I see this as a temporary situation and stand by my view that demand for legal translations will remain strong, given that legal documents form an integral part of our daily lives - we are all parties to all kinds of contracts, ranging from lease agreements, employment contracts or the latest version of software downloaded from the Internet.
On an individual level, translations of legal documents such as family registers, employment and graduation certificates, and criminal records, etc. are required during the visa application process when Japanese nationals travel abroad, and the predicted rise in the number of foreigners residing in Japan will likely result in an increase in both perpetrators and victims requiring the assistance of both translators and interpreters.
On a corporate level, Japanese companies involved in importing and exporting, Japanese companies entering overseas markets, foreign companies investing in Japan, and Japanese companies employing foreigners are all likely to require translation services at some point in time.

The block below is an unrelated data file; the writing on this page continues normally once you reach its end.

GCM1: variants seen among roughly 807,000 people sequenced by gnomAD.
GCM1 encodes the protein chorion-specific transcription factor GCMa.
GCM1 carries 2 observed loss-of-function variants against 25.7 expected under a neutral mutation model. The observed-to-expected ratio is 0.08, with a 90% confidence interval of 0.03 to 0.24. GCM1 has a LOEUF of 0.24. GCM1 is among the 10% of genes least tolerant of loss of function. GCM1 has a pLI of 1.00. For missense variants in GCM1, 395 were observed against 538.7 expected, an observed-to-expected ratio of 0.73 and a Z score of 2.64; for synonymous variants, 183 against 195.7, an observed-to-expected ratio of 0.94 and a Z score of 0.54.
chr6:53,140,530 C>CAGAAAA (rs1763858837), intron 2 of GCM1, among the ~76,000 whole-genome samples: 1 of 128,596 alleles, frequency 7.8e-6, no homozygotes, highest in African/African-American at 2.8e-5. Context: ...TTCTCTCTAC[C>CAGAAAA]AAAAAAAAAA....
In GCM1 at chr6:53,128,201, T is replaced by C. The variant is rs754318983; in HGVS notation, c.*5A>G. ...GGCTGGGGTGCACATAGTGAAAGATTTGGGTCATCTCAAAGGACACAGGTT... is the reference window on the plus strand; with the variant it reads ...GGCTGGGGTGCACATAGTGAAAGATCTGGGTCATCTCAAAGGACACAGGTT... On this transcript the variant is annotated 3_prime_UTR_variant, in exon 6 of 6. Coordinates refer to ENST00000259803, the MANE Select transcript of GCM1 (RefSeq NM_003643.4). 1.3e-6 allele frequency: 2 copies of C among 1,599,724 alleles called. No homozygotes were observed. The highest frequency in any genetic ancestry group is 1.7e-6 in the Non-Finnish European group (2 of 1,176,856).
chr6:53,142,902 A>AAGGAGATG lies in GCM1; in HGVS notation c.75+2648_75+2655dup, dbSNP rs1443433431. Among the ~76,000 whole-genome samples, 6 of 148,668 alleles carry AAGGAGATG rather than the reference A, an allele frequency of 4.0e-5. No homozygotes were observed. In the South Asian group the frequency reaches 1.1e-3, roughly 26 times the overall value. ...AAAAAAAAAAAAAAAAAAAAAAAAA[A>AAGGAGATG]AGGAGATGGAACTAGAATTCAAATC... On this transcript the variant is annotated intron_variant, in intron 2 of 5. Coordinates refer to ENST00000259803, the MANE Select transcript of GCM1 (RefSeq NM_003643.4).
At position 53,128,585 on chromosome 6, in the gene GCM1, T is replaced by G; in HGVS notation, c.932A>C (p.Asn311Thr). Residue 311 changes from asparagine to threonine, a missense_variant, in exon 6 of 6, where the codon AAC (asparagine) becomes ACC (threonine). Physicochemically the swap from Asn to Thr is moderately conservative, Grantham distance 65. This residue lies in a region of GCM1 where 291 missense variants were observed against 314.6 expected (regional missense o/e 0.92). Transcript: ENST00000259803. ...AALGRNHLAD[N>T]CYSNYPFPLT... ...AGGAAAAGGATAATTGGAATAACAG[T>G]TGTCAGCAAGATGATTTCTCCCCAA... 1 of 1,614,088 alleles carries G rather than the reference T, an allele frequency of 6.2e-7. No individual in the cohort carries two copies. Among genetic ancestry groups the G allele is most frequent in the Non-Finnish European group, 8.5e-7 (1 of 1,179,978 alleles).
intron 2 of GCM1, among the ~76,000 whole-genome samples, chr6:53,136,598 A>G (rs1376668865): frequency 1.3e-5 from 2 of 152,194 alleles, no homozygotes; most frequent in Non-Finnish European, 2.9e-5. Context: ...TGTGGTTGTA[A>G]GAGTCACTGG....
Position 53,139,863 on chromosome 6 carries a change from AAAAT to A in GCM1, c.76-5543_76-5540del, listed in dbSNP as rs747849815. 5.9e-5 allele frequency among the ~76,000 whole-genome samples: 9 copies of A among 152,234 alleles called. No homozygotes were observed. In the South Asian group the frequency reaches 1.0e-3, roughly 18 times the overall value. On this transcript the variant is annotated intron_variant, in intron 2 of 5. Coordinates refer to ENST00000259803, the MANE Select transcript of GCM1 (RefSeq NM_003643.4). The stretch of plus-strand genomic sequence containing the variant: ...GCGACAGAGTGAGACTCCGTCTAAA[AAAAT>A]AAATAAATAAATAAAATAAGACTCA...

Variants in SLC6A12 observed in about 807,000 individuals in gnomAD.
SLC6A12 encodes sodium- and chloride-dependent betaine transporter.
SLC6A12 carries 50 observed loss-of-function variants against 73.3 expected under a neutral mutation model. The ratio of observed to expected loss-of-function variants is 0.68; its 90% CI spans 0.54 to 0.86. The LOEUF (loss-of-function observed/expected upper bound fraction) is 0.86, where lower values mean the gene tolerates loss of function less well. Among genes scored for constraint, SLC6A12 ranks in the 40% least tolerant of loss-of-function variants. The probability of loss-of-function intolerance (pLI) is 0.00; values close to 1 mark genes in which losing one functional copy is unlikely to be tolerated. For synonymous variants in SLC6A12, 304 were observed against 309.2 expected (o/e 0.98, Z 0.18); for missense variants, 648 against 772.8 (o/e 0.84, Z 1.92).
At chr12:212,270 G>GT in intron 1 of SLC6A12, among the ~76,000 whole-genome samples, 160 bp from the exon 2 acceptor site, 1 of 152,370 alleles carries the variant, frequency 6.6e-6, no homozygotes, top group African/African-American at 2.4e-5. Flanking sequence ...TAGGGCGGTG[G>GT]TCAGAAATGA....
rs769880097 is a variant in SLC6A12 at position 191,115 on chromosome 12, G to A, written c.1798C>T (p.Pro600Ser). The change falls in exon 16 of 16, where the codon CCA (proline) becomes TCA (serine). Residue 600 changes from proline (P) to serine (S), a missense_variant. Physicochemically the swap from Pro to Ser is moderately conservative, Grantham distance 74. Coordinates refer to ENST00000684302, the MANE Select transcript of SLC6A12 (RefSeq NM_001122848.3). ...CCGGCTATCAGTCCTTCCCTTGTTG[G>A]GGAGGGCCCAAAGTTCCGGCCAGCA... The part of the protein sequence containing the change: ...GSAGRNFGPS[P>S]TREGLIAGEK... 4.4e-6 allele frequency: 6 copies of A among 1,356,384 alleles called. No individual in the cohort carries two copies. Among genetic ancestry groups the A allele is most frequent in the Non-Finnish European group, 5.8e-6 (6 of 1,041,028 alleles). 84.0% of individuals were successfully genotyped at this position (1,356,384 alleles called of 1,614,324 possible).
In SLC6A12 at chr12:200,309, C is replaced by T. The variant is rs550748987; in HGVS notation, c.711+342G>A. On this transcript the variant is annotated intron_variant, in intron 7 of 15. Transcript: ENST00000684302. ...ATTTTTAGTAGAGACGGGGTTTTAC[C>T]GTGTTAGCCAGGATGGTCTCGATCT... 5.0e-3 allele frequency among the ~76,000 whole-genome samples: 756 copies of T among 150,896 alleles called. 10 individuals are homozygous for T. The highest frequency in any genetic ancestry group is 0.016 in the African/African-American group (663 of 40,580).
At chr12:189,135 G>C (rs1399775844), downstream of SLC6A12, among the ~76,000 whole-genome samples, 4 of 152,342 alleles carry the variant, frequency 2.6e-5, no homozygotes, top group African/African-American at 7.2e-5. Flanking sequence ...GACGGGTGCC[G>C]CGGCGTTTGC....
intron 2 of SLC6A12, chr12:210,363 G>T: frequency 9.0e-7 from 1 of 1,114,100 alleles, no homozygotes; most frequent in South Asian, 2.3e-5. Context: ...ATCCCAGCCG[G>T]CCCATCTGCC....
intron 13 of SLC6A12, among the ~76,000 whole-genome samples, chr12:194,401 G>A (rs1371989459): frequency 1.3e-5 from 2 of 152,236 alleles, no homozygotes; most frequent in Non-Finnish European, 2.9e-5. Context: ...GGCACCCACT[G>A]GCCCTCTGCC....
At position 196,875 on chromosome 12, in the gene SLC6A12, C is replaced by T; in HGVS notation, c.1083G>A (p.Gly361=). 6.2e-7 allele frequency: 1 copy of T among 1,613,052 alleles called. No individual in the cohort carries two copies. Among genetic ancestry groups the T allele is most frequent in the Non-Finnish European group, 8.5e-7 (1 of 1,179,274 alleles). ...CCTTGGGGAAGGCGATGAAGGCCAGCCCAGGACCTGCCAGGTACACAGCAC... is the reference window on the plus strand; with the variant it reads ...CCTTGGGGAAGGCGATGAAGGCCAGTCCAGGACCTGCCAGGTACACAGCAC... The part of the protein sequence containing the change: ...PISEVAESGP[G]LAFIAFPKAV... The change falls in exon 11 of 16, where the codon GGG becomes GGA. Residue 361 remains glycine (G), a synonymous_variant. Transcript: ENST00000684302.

Many argue that Japan is no longer an economic force to be reckoned with and that China is the market of the future. While foreign companies looking to invest overseas may well look elsewhere, companies that have already set up operations in Japan cannot just uproot and leave, and Japanese companies looking to survive in the long term are likely to consider moving operations overseas or exporting their products.
The Art of Legal Translation is a series of articles relating to Japanese to English legal translation, based primarily on the “Nuts and Bolts of Legal Translation” series I wrote in Japanese for the Hi Career website between May 2010 and March 2011.